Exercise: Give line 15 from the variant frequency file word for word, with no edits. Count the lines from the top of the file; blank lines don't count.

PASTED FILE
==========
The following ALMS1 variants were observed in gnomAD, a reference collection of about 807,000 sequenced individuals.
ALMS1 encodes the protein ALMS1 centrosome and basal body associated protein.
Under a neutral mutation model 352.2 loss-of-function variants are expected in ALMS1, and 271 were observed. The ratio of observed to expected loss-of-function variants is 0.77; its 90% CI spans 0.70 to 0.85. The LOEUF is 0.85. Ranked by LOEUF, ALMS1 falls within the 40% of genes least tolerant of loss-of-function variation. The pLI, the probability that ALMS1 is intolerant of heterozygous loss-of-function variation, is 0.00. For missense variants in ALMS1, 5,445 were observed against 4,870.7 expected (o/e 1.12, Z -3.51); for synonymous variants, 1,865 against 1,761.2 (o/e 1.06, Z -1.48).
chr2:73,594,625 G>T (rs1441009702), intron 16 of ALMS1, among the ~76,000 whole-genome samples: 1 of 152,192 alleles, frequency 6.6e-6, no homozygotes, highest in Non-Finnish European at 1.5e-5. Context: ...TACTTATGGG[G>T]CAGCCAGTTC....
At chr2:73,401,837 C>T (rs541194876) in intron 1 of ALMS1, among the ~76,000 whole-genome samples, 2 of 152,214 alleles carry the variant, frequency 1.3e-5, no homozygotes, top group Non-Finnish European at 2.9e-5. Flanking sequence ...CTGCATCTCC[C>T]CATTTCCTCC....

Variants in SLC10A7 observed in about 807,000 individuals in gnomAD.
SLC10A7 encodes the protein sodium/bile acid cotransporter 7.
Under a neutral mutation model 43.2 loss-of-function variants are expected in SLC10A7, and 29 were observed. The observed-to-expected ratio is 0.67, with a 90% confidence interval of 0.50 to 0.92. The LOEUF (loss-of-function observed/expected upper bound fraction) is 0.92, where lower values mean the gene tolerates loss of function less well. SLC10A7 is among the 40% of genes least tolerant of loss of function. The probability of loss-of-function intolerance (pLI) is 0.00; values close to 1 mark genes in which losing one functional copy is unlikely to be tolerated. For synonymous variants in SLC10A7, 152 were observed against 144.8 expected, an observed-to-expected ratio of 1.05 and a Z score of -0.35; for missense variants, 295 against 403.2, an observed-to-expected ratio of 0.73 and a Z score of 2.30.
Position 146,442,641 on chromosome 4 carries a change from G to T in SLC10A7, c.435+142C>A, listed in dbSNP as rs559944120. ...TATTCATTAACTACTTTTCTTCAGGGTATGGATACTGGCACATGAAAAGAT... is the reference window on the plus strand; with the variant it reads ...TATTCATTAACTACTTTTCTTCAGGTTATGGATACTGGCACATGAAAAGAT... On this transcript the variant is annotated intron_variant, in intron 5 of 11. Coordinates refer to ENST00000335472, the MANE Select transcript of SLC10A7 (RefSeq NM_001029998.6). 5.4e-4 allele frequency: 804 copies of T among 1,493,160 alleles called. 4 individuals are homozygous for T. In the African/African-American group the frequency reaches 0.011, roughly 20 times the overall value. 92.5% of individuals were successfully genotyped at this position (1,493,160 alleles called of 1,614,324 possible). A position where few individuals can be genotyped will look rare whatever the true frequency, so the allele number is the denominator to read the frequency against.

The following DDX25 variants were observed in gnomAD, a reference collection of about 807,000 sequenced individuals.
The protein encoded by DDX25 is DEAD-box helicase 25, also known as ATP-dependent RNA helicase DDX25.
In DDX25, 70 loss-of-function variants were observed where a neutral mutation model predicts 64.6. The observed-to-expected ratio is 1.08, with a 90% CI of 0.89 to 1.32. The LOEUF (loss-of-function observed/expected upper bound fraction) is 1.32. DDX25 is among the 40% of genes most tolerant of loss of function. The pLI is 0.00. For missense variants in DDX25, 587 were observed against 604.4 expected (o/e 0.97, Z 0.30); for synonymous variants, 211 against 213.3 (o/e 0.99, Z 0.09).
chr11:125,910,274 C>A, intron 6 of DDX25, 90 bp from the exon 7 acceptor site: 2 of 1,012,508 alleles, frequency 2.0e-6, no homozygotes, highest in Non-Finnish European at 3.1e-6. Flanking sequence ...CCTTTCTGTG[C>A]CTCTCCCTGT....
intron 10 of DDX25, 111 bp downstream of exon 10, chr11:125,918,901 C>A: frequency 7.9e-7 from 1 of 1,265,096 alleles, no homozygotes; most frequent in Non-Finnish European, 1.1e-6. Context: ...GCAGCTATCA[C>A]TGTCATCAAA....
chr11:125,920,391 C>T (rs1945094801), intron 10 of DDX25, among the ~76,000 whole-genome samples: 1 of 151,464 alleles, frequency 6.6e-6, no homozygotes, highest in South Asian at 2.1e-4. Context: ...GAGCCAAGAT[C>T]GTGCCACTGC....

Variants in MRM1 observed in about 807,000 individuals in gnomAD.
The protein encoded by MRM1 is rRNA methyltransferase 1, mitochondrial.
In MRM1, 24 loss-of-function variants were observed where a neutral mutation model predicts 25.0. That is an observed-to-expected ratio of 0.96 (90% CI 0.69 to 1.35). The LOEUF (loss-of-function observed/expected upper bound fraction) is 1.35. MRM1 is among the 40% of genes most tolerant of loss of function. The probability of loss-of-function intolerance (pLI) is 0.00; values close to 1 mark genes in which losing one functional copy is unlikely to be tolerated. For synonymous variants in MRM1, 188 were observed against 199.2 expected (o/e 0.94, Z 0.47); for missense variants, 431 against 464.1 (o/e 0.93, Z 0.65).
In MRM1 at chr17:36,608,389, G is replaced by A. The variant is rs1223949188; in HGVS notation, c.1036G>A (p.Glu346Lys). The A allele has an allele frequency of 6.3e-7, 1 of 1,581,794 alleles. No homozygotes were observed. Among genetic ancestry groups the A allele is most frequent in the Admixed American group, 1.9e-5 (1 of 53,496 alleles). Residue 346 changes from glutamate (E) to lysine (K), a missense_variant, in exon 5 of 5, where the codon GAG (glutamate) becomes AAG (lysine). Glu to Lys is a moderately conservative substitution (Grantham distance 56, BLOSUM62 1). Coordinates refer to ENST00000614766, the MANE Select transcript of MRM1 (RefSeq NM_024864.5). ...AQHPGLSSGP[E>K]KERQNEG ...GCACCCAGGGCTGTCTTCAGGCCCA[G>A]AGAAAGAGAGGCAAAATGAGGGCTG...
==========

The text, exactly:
chr11:125,920,391 C>T (rs1945094801), intron 10 of DDX25, among the ~76,000 whole-genome samples: 1 of 151,464 alleles, frequency 6.6e-6, no homozygotes, highest in South Asian at 2.1e-4. Context: ...GAGCCAAGAT[C>T]GTGCCACTGC....